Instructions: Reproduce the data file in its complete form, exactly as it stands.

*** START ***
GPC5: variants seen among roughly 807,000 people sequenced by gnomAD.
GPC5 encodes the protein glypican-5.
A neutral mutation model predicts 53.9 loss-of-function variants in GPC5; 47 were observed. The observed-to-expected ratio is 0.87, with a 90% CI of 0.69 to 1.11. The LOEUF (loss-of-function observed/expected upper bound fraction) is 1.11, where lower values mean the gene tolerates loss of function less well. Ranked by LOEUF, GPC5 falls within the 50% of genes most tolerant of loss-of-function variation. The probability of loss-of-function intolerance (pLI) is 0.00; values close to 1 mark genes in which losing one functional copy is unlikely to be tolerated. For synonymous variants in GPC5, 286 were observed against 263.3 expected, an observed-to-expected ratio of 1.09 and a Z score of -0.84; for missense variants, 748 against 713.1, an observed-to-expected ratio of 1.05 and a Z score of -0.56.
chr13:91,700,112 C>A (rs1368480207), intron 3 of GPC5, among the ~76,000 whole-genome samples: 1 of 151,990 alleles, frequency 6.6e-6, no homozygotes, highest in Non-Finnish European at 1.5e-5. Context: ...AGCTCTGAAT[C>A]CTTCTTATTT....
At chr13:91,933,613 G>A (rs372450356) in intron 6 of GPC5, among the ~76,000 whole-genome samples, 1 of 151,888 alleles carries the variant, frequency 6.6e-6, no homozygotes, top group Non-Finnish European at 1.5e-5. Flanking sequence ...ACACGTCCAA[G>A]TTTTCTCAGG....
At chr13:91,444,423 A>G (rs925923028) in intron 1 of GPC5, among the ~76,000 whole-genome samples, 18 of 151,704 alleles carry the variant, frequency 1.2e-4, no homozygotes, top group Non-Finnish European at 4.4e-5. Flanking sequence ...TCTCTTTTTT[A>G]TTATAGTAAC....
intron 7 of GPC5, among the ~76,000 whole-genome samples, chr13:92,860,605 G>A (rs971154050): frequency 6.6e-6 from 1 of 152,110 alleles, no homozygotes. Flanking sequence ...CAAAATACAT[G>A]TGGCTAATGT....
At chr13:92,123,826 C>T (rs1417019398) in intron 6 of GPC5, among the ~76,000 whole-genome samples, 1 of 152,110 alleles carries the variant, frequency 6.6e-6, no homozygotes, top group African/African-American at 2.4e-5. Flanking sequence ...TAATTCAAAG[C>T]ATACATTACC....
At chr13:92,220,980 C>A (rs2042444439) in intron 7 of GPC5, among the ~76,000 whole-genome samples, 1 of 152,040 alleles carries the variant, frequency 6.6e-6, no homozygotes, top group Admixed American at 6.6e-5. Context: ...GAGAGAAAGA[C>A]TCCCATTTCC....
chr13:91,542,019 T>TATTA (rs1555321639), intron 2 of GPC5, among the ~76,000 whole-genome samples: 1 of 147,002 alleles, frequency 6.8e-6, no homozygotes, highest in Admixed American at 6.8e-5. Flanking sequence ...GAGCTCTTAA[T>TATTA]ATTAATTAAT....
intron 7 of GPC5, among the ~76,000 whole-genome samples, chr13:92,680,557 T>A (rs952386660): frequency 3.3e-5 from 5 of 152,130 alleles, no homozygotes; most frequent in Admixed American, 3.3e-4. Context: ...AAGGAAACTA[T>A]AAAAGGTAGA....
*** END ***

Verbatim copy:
GPC5: variants seen among roughly 807,000 people sequenced by gnomAD.
GPC5 encodes the protein glypican-5.
A neutral mutation model predicts 53.9 loss-of-function variants in GPC5; 47 were observed. The observed-to-expected ratio is 0.87, with a 90% CI of 0.69 to 1.11. The LOEUF (loss-of-function observed/expected upper bound fraction) is 1.11, where lower values mean the gene tolerates loss of function less well. Ranked by LOEUF, GPC5 falls within the 50% of genes most tolerant of loss-of-function variation. The probability of loss-of-function intolerance (pLI) is 0.00; values close to 1 mark genes in which losing one functional copy is unlikely to be tolerated. For synonymous variants in GPC5, 286 were observed against 263.3 expected, an observed-to-expected ratio of 1.09 and a Z score of -0.84; for missense variants, 748 against 713.1, an observed-to-expected ratio of 1.05 and a Z score of -0.56.
chr13:91,700,112 C>A (rs1368480207), intron 3 of GPC5, among the ~76,000 whole-genome samples: 1 of 151,990 alleles, frequency 6.6e-6, no homozygotes, highest in Non-Finnish European at 1.5e-5. Context: ...AGCTCTGAAT[C>A]CTTCTTATTT....
At chr13:91,933,613 G>A (rs372450356) in intron 6 of GPC5, among the ~76,000 whole-genome samples, 1 of 151,888 alleles carries the variant, frequency 6.6e-6, no homozygotes, top group Non-Finnish European at 1.5e-5. Flanking sequence ...ACACGTCCAA[G>A]TTTTCTCAGG....
At chr13:91,444,423 A>G (rs925923028) in intron 1 of GPC5, among the ~76,000 whole-genome samples, 18 of 151,704 alleles carry the variant, frequency 1.2e-4, no homozygotes, top group Non-Finnish European at 4.4e-5. Flanking sequence ...TCTCTTTTTT[A>G]TTATAGTAAC....
intron 7 of GPC5, among the ~76,000 whole-genome samples, chr13:92,860,605 G>A (rs971154050): frequency 6.6e-6 from 1 of 152,110 alleles, no homozygotes. Flanking sequence ...CAAAATACAT[G>A]TGGCTAATGT....
At chr13:92,123,826 C>T (rs1417019398) in intron 6 of GPC5, among the ~76,000 whole-genome samples, 1 of 152,110 alleles carries the variant, frequency 6.6e-6, no homozygotes, top group African/African-American at 2.4e-5. Flanking sequence ...TAATTCAAAG[C>T]ATACATTACC....
At chr13:92,220,980 C>A (rs2042444439) in intron 7 of GPC5, among the ~76,000 whole-genome samples, 1 of 152,040 alleles carries the variant, frequency 6.6e-6, no homozygotes, top group Admixed American at 6.6e-5. Context: ...GAGAGAAAGA[C>A]TCCCATTTCC....
chr13:91,542,019 T>TATTA (rs1555321639), intron 2 of GPC5, among the ~76,000 whole-genome samples: 1 of 147,002 alleles, frequency 6.8e-6, no homozygotes, highest in Admixed American at 6.8e-5. Flanking sequence ...GAGCTCTTAA[T>TATTA]ATTAATTAAT....
intron 7 of GPC5, among the ~76,000 whole-genome samples, chr13:92,680,557 T>A (rs952386660): frequency 3.3e-5 from 5 of 152,130 alleles, no homozygotes; most frequent in Admixed American, 3.3e-4. Context: ...AAGGAAACTA[T>A]AAAAGGTAGA....